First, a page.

Compound 4

3-O-b-D-glucopyranosyl-(1®2)-b-D-glucopyranosyl -oleanolic acid. 1H NMR (400 MHz, C5D5N) d0.81 (s, 3 H, CH3-24), 0.94 (s, 3 H, CH3-29), 0.98 (s, 3 H, CH3-26), 1.00 (s, 3 H, CH3-30), 1.08 (s, 3 H, CH3-25), 1.25 (s, 3 H, CH3-23), 1.28 (s, 3 H, CH3-27), 3.29 (m, 2 H, Ha-3, H-18), 3.89 (m, 2 H, glcI-H5, glcII-H5), 4.11 (m, 1 H, glcII-H2), 4.14 (m, 1 H, glcI-H4), 4.23 (m, 1 H, glcII-H3), 4.25 (m, 1 H, glcI-H2), 4.30 (m, 2 H, glcI-H6a, glcII-H6a), 4.31 (m, 1 H, glcI-H3), 4.33 (m, 1 H, glcII-H4), 4.46-4.52 (m, 2 H, glcI-H6b, glcII-H6b), 4.90 (d, J 7.6 Hz, glcI-H1), 5.36 (d, J 7.6 Hz, glcII-H1), 5.46 (br, s, 1 H, H-12); 13C NMR see Table 1; fab-ms (positive ion mode) m/z 803 (M+Na)+, 273, 203.

Compound 5

(quadranguloside): 9,19-cyclolanost-24Z-en-3b,21,26-trihydroxy-3,26-di-O-gentiobiose (quadranguloside). 1H NMR (400 MHz, C5D5N) d0.20 (br, s, 1 H, H-19a), 0.45 (br, s, 1 H, H-19b), 0.9 (s, 3 H, CH3-28), 1.03 (s, 3 H, CH3-18), 1.07 (s, 3 H, CH3-30), 1.27 (s, 3 H, CH3-29), 1.93 (s, 3 H, CH3-27), 3.58 (m, 1 H, Ha-3), 3.82 (m, 1 H, H-21a), 3.90 (m, 4 H, glcII-H3, glcII'-H3, glcII-H5, glcII'-H5), 4.05 (m, 7 H, H-21b, glcI-H2, glcI'-H2, glcII-H2, glcII'-H2, glcI-H5, glcI'-H5), 4.20 (m, 6 H, glcI-H3, glcI'-H3, 4 x glc-H4), 4.33 (m, 4 H, glcI-H6, glcII'-H6), 4.48 (m, 2 H, glcII-H6), 4.55 (m, 2 H, H-26), 4.82 (m, 3 H, glcI-H1, glcI'-H6), 4.89 (d, J 8.0 Hz, 1 H, glcI'-H1), 5.10 (d, J 7.6 Hz, 1 H, glcII'-H1), 5.15 (d, J 8.0 Hz, 1 H, glcII-H1). 5.52 (t, J 6.8 Hz, H-24); 13C NMR see Table 1.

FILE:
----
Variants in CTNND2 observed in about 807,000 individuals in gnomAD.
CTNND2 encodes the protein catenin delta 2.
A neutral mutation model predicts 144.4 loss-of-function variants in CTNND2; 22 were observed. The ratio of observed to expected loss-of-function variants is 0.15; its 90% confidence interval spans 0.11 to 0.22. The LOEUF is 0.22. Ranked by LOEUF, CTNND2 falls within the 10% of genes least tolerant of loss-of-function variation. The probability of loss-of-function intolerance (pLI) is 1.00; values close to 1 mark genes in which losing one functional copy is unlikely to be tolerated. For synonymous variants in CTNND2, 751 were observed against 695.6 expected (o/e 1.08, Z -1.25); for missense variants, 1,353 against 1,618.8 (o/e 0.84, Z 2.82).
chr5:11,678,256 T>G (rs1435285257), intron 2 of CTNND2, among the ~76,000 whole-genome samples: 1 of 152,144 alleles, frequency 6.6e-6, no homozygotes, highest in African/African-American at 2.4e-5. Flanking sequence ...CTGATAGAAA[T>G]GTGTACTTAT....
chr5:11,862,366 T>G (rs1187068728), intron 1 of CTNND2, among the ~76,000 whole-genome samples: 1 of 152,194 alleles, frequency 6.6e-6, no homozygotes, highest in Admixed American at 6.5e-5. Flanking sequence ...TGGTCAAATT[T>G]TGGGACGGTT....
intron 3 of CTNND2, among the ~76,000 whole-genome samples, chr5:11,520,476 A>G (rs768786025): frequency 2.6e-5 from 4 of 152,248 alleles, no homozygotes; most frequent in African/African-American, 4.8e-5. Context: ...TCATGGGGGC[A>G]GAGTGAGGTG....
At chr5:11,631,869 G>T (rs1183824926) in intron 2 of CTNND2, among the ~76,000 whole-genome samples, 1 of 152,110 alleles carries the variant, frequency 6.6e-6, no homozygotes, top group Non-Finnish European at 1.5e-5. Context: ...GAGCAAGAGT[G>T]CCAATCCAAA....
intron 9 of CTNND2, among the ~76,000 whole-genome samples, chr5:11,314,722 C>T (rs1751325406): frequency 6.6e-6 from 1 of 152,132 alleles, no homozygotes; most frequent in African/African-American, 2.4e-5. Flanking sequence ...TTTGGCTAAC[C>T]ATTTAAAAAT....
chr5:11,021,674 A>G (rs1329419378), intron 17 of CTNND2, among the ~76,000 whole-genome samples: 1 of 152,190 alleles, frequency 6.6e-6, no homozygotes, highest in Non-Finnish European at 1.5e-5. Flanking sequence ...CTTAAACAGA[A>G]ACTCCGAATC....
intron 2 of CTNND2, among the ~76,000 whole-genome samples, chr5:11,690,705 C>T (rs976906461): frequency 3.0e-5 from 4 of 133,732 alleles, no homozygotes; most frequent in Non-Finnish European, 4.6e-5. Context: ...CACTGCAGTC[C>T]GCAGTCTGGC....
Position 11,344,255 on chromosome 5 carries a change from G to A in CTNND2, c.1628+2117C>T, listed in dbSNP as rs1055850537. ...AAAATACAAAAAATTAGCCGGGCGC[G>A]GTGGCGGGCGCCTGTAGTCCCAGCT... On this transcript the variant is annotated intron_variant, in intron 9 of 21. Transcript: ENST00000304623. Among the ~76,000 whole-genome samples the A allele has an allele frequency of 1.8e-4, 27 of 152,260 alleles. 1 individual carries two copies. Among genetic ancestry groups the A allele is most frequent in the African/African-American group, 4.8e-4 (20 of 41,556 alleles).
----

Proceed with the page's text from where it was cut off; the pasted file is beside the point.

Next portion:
Results and Discussion

The n-BuOH extract of P. alata was submitted to Si gel CC to yield compounds 1-5 and their identification was achieved through the combined use of mass and NMR spectroscopy.

The 1H NMR spectrum of 1a displayed signals at d0.69 and 0.98 (s, 3 H each) for two tertiary methyl groups, two doublets (3 H each) at d0.79 (J 7.0 Hz) and 0.84 (J 6.5 Hz) assignable to an isopropyl group and the presence of another secondary methyl at d1.01 (d, J 6.5 Hz, 3 H). A triplet centered at d0.80 (J 7.0 Hz, 3 H) was attributed to a primary methyl. These characteristic signals suggested a steroid skeleton. Three olefinic proton signals at d5.35 (br, d, J 5.1 Hz), d5.15 (m) and at d5.05 (m) were attributed to H-6, H-22 and H-23, respectively, and together with the signal at d3.49 (m, 1 H, Ha-3) they are characteristic for D5,22-3b-hydroxysterols12,13,14 . Comparison of 13C NMR spectrum (Table 1) and the 2D-HSQC spectrum with spectral data of related sterols found in the literature indicated that compound 1 is the sterol glycoside 3-O-b-D-glucopyranosyl-stigmasterol isolated as a peracetylated derivative. Its occurrence in nature has only been reported several times although the aglycone is widely found.

Acid hydrolysis of 2, 3 and 4 furnished oleanolic acid and glucose (Glc). Both were identified through co-TLC with authentic samples.

The FAB-MS (positive ion mode) spectrum of 2 indicated the molecular mass 618 due to the quasi-molecular ion peak at m/z 641 (M+Na)+. In addition, there were two characteristic peaks at m/z 203 and 248 denoting the retro-Diels-Alder fragmentation commonly found in the spectra of oleanane or ursane derivatives15. Careful comparison of the 13C NMR data of peracetylated compound 2a (Table 1) with those of peracetylated dumosasaponin 69, allowed the unambiguous assignment of the signals of the oleanolic acid aglycone. The presence of one b-D-Glc was evidenced through the anomeric signal at dc 102.9 (dH 4.55, d; J 8.0 Hz, 1 H) and the sugar substitution at C-3 of the aglycone was established (d C-3 90.5). These conclusions were confirmed by 1H-1H COSY, 1H-13C COSY and ROESY experiments. Therefore, compound 2 was identified as 3-O-b-D-glucopyranosyl-oleanolic acid, already isolated from Chenopodium quinoa16.